Of course, the plaintiffs in Navegar had not violated the Assault Weapons Ban for the portion of their case where they won standing, either. They had a specific, credible fear of prosecution because (at least one of) their firearm designs was specifically named in the bill, and they had been visited more than once by BATFE agents to make sure they "were informed of the law" and stopped making that model.
The other, relatively minor argument being made is that the lower court in Parker rejected the defendent's standing arguments and reached the merits of the case. The appeals court is not bound by that ruling, especially if the ruling in Seegars is found to conflict. But it is nonetheless a good reminder to offer, because the lower court ruling supports the plaintiff's case on the standing issue even if not on the final outcome.
One of the interesting aspects of this case is the way that the press attention given to this case is playing in our favor -- at least at this stage. If you've ever wondered why lawyers often instruct their clients not to talk to the press -- this is why. What you say can come back to bite you later on, often with an issue that might not even have been on your radar screen at the time.
In this case, it's the defendent's comments in a Washington Times article about the case, shortly after it was filed. (I haven't been able to find a link to the specific article). Here's how the issue is characterized in the motion:
The first threat to prosecute the Parker appellants for violation of the District of Columbia's gun bans appeared on the front page of the Washington Times two days after the filing of this lawsuit. Defendants-appellees, communicating both through official spokesperson Tony Bullock and Deputy Mayor for Public Safety and Justice Margret Nedelkoff Kellems, reiterated the defendants-appellees zealous commitment to enforcing the laws, as well as a belief that the Parker plaintiffs would pose a danger to themselves and to others, including children, "which is not what we want."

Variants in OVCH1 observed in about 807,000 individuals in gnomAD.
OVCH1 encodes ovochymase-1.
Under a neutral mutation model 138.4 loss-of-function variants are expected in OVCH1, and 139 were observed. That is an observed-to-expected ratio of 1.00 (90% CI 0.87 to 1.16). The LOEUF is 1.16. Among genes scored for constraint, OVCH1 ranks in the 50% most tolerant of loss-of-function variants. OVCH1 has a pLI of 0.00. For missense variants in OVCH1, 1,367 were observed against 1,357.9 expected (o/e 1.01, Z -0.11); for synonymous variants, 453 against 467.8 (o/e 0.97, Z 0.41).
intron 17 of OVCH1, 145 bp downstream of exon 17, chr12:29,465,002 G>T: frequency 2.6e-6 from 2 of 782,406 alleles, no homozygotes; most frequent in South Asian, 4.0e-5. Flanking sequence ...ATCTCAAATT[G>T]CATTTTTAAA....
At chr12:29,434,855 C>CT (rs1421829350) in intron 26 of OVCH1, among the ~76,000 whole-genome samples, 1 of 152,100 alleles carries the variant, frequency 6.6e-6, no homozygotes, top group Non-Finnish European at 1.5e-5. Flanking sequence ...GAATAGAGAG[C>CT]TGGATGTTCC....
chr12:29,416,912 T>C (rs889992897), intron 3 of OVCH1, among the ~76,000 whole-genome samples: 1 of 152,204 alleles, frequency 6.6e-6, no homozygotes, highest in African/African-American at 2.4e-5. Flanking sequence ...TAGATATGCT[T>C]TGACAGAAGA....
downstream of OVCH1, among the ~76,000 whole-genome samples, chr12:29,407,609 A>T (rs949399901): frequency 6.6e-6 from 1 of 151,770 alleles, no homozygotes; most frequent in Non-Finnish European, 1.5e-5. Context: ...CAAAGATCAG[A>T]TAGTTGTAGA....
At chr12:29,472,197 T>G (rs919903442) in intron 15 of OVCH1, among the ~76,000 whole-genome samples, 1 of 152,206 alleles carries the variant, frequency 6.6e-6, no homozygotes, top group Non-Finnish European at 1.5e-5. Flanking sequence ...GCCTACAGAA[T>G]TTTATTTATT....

It plays well to the press, but it makes your legal arguments weaker. You can bet the lawyers on the other side are kicking themselves over this one.
They will also be kicking themselves over not reading the motion for summary judgment closely, because it contains an assertion of material fact: "Defendents actively enforce [the handgun ban]". The government lawyers neglected to challenge that assertion, which means the judge can assume that it is accurate in the same manner as if the defendents had admitted they do, in fact, enforce the laws. Of course, an argument that the handgun ban is not aggressively enforced in DC probably won't fly, at least not unless the judge is napping. The police may not be doing house-to-house searches, but they are definitely enforcing the law.
Moreover, while the defendants-appellees never even raised the issue of standing at any point in the proceeding below (the District Court raised the issue sua sponte during the summary judgment hearing), they confirmed, in response to a direct question by the District Court, that these specific plaintiffs-appellants would, in fact, be fully prosecuted were they to follow through on their undisputed desire to acquire prohibited firearms.